2. Whereas classical theology was the domain of Islamic specialists, our kalām is more democratic and inclusive.  Literacy and a democratizing media culture have given everyone a platform. This is a cause for both celebration and caution.  The Prophet (upon him be peace) listened to the objections of children against their parents and bondsmen against their owners. The Prophet (upon him be peace) would designate special sessions to teach the women of the Companions and answer their questions. He would not allow the newly converted Africans of Banu `Arfidah to be silenced when they raised their voices in performance in his mosque and he (upon him be peace) took the Pledge of ‘Aqabah from women independent of their husbands and families. Making sure everyone’s voice is heard is an aspect of his Sunnah.  However, every voice being heard is not the same as affording every voice equal priority.  We are a community rich in experience and expertise—not all of which has anything to do with any kind of scholarship or activism—and I’m not suggesting that people relinquish their voices in favor of the voices of Islamic scholars. In fact, I submit that on a number of issues I’ve heard far more creative and thoughtful perspectives from activists and scholars of other disciplines than from scholars trained in the Islamic tradition. The voices of Islamic scholars are not important because of their inerrancy or in-depth understanding of every issue.  Scholars of the Islamic tradition serve the function of tying our approaches to various issues back to our collective understanding of God and how the trans-historic community of believers have understood His Will.  The answers and approaches to various issues that are settled upon in our community should be the outcome of conversations among people of different backgrounds and interests. Scholars trained within the Islamic tradition aren’t entitled to give definitive answers for every question but rather should be honored to steer the conversation in the direction of the Will of God.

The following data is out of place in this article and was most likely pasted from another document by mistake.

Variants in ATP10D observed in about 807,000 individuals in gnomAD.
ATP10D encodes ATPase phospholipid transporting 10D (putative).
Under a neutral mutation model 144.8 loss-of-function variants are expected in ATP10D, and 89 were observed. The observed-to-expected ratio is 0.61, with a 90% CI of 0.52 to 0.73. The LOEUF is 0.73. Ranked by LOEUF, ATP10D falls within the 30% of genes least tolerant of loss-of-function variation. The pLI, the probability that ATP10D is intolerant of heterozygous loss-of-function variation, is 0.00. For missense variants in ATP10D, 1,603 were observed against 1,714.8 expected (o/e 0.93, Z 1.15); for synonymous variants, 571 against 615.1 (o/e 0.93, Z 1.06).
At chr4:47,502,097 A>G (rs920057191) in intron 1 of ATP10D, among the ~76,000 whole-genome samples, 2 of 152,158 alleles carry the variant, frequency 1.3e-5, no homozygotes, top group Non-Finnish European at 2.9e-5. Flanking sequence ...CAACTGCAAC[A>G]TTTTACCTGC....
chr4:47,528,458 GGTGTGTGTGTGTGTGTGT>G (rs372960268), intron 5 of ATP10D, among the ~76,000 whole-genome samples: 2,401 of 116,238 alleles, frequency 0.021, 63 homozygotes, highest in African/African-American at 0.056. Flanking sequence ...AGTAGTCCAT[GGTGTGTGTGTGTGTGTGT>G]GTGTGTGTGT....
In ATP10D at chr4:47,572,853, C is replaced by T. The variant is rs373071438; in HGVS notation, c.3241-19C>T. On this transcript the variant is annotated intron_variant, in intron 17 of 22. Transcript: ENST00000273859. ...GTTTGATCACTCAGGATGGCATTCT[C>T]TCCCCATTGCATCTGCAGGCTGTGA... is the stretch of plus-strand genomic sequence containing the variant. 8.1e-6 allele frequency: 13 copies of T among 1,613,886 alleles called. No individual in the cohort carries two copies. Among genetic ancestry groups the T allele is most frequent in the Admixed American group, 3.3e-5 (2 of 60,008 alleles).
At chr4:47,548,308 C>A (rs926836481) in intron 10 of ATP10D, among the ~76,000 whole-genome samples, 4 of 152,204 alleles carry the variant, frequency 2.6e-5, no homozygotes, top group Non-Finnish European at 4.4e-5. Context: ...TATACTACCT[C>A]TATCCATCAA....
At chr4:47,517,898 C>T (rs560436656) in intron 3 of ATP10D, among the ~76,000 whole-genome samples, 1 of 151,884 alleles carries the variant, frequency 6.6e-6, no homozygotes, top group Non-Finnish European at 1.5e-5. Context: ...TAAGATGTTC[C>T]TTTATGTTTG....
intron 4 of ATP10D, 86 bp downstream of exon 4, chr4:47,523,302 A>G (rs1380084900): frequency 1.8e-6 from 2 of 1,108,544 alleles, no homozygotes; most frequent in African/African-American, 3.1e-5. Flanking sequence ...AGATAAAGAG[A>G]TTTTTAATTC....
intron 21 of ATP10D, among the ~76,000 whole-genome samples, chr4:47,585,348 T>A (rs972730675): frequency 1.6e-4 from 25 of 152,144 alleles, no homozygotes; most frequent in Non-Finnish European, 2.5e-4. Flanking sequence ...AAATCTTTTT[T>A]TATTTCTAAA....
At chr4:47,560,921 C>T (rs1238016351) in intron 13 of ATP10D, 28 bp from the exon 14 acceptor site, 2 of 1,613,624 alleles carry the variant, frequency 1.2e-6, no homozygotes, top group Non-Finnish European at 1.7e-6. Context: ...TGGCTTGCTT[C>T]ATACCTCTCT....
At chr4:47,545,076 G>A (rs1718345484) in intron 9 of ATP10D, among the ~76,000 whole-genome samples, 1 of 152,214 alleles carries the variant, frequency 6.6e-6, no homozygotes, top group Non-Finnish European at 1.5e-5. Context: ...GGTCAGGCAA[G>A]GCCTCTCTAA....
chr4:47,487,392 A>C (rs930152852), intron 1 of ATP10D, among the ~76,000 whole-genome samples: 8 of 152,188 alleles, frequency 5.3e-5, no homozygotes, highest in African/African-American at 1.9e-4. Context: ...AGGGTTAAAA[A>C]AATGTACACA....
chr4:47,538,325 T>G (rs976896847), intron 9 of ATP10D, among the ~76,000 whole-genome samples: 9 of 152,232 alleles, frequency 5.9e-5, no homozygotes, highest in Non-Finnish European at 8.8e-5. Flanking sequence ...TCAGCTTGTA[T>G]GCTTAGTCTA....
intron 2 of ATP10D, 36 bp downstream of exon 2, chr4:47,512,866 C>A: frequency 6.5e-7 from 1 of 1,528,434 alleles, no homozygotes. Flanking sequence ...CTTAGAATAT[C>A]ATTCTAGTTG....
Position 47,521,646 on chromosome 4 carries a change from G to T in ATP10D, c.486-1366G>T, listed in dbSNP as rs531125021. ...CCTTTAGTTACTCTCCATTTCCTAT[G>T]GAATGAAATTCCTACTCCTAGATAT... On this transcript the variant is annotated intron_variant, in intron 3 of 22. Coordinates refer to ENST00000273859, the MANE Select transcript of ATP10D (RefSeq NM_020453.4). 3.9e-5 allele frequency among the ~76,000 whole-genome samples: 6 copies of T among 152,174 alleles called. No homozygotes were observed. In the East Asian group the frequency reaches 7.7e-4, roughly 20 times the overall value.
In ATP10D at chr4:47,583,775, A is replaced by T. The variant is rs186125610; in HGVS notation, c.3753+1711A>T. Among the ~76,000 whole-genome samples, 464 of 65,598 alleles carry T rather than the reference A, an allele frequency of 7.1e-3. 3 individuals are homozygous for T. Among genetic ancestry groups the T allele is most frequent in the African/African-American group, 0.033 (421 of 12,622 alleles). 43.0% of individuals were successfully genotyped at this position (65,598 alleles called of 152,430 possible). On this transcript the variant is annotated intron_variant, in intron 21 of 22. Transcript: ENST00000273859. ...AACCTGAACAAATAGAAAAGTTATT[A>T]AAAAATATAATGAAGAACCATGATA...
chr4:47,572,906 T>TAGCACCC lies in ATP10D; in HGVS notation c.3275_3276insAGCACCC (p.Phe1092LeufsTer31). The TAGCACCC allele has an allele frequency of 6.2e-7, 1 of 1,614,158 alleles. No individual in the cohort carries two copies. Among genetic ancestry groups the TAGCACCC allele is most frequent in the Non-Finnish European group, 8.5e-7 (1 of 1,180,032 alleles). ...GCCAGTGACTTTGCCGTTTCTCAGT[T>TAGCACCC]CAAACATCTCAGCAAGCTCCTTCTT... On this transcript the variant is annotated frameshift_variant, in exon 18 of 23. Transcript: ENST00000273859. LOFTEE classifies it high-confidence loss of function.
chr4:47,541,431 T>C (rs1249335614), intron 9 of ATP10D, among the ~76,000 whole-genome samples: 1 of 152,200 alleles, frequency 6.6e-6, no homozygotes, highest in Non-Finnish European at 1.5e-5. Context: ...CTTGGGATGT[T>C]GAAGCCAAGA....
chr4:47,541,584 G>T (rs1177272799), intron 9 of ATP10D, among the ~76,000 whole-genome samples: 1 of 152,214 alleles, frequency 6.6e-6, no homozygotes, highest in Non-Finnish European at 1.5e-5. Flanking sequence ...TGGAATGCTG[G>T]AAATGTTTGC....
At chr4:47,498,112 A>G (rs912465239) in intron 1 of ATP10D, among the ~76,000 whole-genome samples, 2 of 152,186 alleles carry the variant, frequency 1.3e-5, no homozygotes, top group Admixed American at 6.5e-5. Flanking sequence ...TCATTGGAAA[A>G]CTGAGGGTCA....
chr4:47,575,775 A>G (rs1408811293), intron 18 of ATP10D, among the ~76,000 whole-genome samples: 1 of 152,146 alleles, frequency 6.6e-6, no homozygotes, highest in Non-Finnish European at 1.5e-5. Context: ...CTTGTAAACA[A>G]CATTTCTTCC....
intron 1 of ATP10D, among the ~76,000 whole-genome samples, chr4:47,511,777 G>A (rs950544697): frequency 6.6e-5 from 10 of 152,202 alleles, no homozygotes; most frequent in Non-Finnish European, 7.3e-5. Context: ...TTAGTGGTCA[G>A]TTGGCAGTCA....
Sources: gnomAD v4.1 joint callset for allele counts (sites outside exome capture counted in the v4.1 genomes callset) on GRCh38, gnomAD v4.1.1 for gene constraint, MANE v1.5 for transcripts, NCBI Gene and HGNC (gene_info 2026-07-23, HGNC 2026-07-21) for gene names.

3. Our kalām is small.  I appreciate the political astuteness and impassioned activism that corresponds with a discourse more focused on questions of identity and human suffering than divine nature. However, we must remember our faith contains a profound system of beliefs regarding God, the nature of the universe and human life. We should be distinct from a generation clinging to politics and politicized visions of sexuality, race, and gender as if this all the human being is. Undoubtedly, these categories are relevant to society. However, we believe there is so much more than society. There is a metaphysical realm of angels and devils, unveilings and spiritual darkness, friendship with God and harmony with nature that is not bound by the way identity is being negotiated in society.

And Allah knows best,

Ustadh Ubaydullah Evans

 


Ubayd Ustadh Ubaydullah Evans is ALIM’s first Scholar-in-Residence and now Executive Director. He converted to Islam while in high school. Upon conversion, Ustadh Ubaydullah began studying some of the foundational books of Islam under the private tutelage of local scholars while simultaneously pursuing a degree in journalism from Columbia. Since then he has studied at Chicagoland’s Institute of Islamic Education (IIE), in Tarim, Yemen, and Al-Azhar University in Cairo, Egypt, where he is the first African-American to graduate from its Shari’a program. Ustadh Ubaydullah also instructs with the Ta’leef Collective and the Inner-City Muslim Action Network (IMAN) at times.